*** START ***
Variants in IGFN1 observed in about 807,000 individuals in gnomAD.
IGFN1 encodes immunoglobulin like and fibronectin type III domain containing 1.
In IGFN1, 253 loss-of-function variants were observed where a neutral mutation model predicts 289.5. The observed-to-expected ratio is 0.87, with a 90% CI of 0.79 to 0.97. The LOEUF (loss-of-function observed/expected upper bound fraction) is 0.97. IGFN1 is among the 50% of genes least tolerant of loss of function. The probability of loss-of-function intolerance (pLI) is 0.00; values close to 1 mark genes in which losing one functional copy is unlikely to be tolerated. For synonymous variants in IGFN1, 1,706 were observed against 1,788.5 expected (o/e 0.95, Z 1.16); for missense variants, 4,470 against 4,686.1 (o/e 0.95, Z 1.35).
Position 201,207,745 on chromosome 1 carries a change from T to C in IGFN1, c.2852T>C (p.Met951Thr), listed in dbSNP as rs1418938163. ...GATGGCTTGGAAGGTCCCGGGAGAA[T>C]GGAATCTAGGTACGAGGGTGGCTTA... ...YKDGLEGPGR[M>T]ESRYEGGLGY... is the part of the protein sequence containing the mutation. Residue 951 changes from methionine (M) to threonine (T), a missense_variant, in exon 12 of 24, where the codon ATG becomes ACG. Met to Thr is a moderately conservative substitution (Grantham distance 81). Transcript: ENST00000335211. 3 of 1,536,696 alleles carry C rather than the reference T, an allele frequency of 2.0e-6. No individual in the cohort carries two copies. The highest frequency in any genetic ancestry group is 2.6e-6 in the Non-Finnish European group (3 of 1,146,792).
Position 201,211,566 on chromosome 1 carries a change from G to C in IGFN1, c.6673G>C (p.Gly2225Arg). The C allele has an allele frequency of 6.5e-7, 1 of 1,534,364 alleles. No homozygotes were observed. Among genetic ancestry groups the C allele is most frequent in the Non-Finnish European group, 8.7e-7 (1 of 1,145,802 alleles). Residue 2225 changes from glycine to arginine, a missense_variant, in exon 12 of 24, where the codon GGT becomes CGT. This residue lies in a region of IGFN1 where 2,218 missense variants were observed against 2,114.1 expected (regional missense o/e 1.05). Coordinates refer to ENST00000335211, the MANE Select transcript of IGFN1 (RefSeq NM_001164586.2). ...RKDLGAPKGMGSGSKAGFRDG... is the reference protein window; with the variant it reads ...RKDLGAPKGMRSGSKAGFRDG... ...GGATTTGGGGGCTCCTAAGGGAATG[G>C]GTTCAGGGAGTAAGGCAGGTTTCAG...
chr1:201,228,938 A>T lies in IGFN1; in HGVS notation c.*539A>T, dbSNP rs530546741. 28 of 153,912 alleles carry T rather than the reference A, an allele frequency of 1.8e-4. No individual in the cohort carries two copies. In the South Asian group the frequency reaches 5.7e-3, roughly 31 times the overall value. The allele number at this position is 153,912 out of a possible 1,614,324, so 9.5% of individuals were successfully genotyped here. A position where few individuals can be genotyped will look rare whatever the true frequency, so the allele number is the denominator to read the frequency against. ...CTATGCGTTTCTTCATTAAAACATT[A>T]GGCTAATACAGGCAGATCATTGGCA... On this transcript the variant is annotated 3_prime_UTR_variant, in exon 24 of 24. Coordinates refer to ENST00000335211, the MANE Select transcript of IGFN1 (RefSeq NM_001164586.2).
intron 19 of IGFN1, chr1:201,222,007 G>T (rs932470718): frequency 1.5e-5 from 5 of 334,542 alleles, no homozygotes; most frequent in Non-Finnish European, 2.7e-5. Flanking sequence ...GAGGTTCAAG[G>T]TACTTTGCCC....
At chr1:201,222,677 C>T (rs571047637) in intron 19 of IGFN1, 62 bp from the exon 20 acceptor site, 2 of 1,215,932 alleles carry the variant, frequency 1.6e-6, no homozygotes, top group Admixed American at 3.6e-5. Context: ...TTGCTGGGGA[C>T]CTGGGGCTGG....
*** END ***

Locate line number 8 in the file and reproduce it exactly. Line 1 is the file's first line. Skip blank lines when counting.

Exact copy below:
At chr1:201,222,677 C>T (rs571047637) in intron 19 of IGFN1, 62 bp from the exon 20 acceptor site, 2 of 1,215,932 alleles carry the variant, frequency 1.6e-6, no homozygotes, top group Admixed American at 3.6e-5. Context: ...TTGCTGGGGA[C>T]CTGGGGCTGG....